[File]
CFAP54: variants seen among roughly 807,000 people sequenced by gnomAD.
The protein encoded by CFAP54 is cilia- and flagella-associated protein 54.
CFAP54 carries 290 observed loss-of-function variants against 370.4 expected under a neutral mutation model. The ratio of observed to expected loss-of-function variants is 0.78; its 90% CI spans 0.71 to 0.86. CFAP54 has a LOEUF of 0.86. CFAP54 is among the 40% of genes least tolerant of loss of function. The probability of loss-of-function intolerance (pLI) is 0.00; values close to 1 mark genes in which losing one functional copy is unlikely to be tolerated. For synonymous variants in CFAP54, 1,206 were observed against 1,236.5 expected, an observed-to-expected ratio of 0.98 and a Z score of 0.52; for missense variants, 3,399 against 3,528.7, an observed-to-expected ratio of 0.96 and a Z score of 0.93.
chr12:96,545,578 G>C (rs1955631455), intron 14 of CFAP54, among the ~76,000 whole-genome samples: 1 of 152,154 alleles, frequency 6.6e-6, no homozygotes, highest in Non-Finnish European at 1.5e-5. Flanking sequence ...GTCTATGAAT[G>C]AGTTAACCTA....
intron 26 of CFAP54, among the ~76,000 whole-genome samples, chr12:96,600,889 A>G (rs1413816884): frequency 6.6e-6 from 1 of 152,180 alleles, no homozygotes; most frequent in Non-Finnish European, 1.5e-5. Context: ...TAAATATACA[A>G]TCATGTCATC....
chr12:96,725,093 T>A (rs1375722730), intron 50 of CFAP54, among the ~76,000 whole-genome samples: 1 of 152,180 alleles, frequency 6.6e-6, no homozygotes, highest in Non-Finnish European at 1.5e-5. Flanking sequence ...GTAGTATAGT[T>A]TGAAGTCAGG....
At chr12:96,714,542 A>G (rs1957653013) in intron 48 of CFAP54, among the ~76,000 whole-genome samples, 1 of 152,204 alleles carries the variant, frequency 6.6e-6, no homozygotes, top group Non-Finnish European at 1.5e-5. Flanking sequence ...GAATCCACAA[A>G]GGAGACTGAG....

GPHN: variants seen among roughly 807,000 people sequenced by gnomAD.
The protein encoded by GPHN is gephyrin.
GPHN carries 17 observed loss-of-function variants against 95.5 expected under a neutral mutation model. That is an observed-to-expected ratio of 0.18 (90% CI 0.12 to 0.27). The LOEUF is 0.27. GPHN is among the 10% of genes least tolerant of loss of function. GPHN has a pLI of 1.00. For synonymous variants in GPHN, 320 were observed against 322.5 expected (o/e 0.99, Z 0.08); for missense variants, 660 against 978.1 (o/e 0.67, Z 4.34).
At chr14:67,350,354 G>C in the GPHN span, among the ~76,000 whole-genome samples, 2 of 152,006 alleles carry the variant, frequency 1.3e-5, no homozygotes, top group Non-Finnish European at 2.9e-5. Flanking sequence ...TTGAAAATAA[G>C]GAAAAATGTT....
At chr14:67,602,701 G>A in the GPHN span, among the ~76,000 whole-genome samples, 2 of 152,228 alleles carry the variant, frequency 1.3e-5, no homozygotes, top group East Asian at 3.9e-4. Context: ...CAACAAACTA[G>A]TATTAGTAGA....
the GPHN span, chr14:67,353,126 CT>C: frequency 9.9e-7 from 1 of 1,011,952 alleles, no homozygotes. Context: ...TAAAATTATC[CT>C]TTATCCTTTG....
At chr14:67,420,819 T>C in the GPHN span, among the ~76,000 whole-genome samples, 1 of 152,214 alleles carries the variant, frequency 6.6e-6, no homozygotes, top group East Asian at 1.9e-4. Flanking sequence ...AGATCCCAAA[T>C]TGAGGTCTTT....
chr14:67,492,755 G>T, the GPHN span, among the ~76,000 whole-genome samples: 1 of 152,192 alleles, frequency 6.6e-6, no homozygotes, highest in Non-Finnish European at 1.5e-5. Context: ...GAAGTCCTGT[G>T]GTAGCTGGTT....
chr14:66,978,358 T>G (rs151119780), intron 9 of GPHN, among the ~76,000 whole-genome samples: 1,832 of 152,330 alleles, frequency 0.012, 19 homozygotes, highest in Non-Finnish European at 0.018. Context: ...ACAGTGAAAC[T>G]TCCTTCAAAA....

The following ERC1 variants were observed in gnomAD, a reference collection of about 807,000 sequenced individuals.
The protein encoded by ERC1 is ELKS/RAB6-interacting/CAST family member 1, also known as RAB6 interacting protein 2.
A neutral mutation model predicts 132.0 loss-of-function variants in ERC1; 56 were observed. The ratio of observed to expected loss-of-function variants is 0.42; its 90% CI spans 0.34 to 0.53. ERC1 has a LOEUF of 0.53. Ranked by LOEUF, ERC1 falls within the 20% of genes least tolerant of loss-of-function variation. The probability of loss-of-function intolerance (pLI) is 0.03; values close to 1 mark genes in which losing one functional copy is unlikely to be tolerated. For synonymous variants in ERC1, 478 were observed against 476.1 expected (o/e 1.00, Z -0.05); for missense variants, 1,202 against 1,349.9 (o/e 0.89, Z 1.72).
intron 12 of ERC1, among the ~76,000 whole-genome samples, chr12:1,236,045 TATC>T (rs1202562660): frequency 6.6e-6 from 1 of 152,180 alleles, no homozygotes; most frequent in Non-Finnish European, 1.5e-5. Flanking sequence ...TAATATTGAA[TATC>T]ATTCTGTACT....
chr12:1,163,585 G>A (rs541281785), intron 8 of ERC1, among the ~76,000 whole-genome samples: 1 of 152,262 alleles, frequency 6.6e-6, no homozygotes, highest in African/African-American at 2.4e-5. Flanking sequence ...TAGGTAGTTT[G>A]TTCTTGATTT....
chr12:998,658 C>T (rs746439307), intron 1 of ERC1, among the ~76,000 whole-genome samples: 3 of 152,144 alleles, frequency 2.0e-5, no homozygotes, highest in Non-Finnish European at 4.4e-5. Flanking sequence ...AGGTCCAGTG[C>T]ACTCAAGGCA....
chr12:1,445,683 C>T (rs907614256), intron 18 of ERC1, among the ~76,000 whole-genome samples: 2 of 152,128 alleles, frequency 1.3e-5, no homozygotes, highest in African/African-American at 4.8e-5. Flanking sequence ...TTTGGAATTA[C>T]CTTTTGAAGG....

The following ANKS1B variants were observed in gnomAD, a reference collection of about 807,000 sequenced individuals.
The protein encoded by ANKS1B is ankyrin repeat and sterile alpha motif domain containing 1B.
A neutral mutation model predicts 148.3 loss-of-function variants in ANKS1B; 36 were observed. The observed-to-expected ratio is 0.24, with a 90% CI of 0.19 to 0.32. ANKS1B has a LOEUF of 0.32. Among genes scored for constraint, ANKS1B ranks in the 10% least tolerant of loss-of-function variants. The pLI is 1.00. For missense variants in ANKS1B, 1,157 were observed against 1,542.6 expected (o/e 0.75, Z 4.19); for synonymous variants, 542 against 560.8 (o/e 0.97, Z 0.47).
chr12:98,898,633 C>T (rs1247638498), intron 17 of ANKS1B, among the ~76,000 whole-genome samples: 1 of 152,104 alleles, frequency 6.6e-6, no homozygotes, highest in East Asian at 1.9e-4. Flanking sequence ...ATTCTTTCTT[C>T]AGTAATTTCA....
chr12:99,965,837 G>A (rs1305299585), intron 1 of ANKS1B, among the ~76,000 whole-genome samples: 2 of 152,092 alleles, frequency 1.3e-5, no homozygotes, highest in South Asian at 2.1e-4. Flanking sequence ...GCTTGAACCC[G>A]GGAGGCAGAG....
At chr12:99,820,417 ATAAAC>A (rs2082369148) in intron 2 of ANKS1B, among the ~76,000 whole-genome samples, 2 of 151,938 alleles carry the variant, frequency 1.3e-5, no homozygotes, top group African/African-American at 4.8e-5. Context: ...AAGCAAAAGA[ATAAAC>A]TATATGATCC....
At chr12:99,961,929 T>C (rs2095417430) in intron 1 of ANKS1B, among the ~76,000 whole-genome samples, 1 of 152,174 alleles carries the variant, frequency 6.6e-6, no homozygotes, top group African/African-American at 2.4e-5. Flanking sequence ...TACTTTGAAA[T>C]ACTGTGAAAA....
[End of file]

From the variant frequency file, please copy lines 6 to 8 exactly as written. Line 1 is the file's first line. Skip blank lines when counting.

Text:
chr12:96,725,093 T>A (rs1375722730), intron 50 of CFAP54, among the ~76,000 whole-genome samples: 1 of 152,180 alleles, frequency 6.6e-6, no homozygotes, highest in Non-Finnish European at 1.5e-5. Flanking sequence ...GTAGTATAGT[T>A]TGAAGTCAGG....
At chr12:96,714,542 A>G (rs1957653013) in intron 48 of CFAP54, among the ~76,000 whole-genome samples, 1 of 152,204 alleles carries the variant, frequency 6.6e-6, no homozygotes, top group Non-Finnish European at 1.5e-5. Flanking sequence ...GAATCCACAA[A>G]GGAGACTGAG....

GPHN: variants seen among roughly 807,000 people sequenced by gnomAD.